Dispatches | March 20, 2007
An Acre on the Riviera
A former student of mine who’s now trying to run a literary magazine asked me for advice last weekend. He’s at a small state university with a literary magazine that’s been around briefly but only began to achieve serious purpose when he took over its management. He’s ambitious, capable, and a lover of good writing. My advice to him boiled down to the following:
You have to convince the powers that be at your university that a literary magazine is worth a lot more than straight PR. A literary magazine that survives and is well run is like real estate bought cheap in an exotic locale that hasn’t yet quite been discovered. It’s an acre on the Riviera a hundred years ago. If the magazine is well-handled, it will gain in usefulness for its institution far beyond what it costs. While standard PR dies soon after its first appearance, a literary magazine’s history and contents gain in value over time. It is a capital investment, not just an “expense.” You have to find an administrator at your university who can be made to understand that.
Second, a literary magazine usually cannot thrive over time within a standard academic department. It needs to be under the control of a dean, a provost or a president. The simple fact is that English and other academic departments have plenty of other things to deal with, and a magazine can become a burden to their standard activities. More importantly, a magazine can operate better when it is more independent. That’s not to say it can’t begin in a department — or have ongoing positive relations with it-but as a representative of the larger university, it needs to have a position within the institution that matches its purpose.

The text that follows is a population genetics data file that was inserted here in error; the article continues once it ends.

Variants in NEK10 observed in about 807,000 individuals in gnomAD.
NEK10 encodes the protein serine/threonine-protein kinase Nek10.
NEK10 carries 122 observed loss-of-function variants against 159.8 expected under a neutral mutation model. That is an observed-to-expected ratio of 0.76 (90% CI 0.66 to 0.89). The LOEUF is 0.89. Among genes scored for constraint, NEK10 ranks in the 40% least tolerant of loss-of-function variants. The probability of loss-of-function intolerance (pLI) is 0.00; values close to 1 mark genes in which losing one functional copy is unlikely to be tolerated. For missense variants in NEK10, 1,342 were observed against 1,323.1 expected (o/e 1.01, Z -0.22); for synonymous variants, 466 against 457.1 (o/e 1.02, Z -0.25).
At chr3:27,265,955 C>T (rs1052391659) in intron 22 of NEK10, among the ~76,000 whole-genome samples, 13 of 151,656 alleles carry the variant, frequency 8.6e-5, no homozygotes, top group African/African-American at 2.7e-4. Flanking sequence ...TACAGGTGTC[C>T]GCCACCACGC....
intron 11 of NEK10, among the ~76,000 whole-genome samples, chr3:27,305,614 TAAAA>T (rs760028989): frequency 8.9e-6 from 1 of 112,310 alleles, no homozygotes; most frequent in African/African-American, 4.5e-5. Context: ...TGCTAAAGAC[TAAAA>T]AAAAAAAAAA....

Next, you need money and backing, but you can’t really expect it to just fall into your lap. You have to raise some or most of it yourself through grants or a trust. A trust is like an anchor: once it exceeds a few hundred thousand dollars it creates stability.
And alas, you can’t expect the university’s development staff to really care much about raising money for you. You have to be ready to do it yourself. They are raising money essentially for their own area and are focused on major potential gifts. They don’t want to be sidetracked down the bumpy roads of asking for $10,000 or even $25,000 (that’s not to say that if you dump a prospect into their lap, or they know that the money is coming already, they won’t cooperate).
Obviously your magazine needs to contribute to the educational purpose of its university or it will always live a little on the edge. In the case of TMR, we created an active, involved internship that helps students get into graduate school or get a job, often in publishing. Potential employers or graduate programs want to hear that an applicant is cooperative, creative, and productive. Our best interns in almost all cases know things that I don’t know and teach me new programs, new Internet sites and all sorts of things that I would never find out on my own. Recently, an intern brought in a scanning machine, lent by a bank, with which we are going to scan all thirty years of our magazine. Yesterday, a senior adviser set the machine up, putting in circuit boards and getting it running; we were scanning pages within an hour. A good literary magazine based at a university needs to be open to the talent and effectiveness of its younger workers and at the same time ready to train them in things they don’t know.
Most importantly, a good magazine must never forget its main business — finding and publishing great new writing. All the fundraising and good organization in the world is insignificant beside this. Even the poorly run and short-lived magazines of the past that discovered great writers are remembered in literary history. The quality of the magazine, not its mere existence, is its defining feature.
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